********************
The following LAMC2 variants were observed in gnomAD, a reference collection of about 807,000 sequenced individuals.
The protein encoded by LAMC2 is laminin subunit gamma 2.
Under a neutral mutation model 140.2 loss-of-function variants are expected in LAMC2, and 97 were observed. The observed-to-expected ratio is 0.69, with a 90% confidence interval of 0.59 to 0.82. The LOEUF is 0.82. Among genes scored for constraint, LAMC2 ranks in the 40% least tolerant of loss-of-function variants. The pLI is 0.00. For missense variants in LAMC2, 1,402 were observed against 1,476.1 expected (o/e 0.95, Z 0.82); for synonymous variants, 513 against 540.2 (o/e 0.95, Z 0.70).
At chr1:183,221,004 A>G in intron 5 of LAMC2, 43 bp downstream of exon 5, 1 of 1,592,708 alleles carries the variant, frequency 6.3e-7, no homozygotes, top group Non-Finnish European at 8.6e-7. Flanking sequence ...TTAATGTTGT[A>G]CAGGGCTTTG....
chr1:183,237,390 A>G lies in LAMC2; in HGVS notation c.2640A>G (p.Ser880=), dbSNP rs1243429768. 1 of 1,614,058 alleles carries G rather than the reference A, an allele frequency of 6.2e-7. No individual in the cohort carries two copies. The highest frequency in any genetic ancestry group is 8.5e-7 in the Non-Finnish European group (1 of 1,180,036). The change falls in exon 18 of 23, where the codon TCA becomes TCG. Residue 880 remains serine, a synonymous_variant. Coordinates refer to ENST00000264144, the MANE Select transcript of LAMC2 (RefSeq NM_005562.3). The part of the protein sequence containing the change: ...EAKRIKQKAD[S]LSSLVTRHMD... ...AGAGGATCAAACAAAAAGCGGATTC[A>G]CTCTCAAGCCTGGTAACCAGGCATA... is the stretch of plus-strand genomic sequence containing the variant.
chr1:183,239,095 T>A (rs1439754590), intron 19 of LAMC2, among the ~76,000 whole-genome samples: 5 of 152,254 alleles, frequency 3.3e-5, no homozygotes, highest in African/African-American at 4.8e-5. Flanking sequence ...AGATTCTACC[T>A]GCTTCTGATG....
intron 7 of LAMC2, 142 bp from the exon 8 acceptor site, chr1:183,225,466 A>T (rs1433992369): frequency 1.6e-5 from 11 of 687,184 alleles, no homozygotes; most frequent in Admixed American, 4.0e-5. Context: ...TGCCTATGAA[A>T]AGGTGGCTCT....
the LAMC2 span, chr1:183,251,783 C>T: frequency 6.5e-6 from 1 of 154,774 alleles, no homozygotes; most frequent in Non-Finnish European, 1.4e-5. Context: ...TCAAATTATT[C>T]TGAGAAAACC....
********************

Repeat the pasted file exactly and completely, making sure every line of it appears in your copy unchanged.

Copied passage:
The following LAMC2 variants were observed in gnomAD, a reference collection of about 807,000 sequenced individuals.
The protein encoded by LAMC2 is laminin subunit gamma 2.
Under a neutral mutation model 140.2 loss-of-function variants are expected in LAMC2, and 97 were observed. The observed-to-expected ratio is 0.69, with a 90% confidence interval of 0.59 to 0.82. The LOEUF is 0.82. Among genes scored for constraint, LAMC2 ranks in the 40% least tolerant of loss-of-function variants. The pLI is 0.00. For missense variants in LAMC2, 1,402 were observed against 1,476.1 expected (o/e 0.95, Z 0.82); for synonymous variants, 513 against 540.2 (o/e 0.95, Z 0.70).
At chr1:183,221,004 A>G in intron 5 of LAMC2, 43 bp downstream of exon 5, 1 of 1,592,708 alleles carries the variant, frequency 6.3e-7, no homozygotes, top group Non-Finnish European at 8.6e-7. Flanking sequence ...TTAATGTTGT[A>G]CAGGGCTTTG....
chr1:183,237,390 A>G lies in LAMC2; in HGVS notation c.2640A>G (p.Ser880=), dbSNP rs1243429768. 1 of 1,614,058 alleles carries G rather than the reference A, an allele frequency of 6.2e-7. No individual in the cohort carries two copies. The highest frequency in any genetic ancestry group is 8.5e-7 in the Non-Finnish European group (1 of 1,180,036). The change falls in exon 18 of 23, where the codon TCA becomes TCG. Residue 880 remains serine, a synonymous_variant. Coordinates refer to ENST00000264144, the MANE Select transcript of LAMC2 (RefSeq NM_005562.3). The part of the protein sequence containing the change: ...EAKRIKQKAD[S]LSSLVTRHMD... ...AGAGGATCAAACAAAAAGCGGATTC[A>G]CTCTCAAGCCTGGTAACCAGGCATA... is the stretch of plus-strand genomic sequence containing the variant.
chr1:183,239,095 T>A (rs1439754590), intron 19 of LAMC2, among the ~76,000 whole-genome samples: 5 of 152,254 alleles, frequency 3.3e-5, no homozygotes, highest in African/African-American at 4.8e-5. Flanking sequence ...AGATTCTACC[T>A]GCTTCTGATG....
intron 7 of LAMC2, 142 bp from the exon 8 acceptor site, chr1:183,225,466 A>T (rs1433992369): frequency 1.6e-5 from 11 of 687,184 alleles, no homozygotes; most frequent in Admixed American, 4.0e-5. Context: ...TGCCTATGAA[A>T]AGGTGGCTCT....
the LAMC2 span, chr1:183,251,783 C>T: frequency 6.5e-6 from 1 of 154,774 alleles, no homozygotes; most frequent in Non-Finnish European, 1.4e-5. Context: ...TCAAATTATT[C>T]TGAGAAAACC....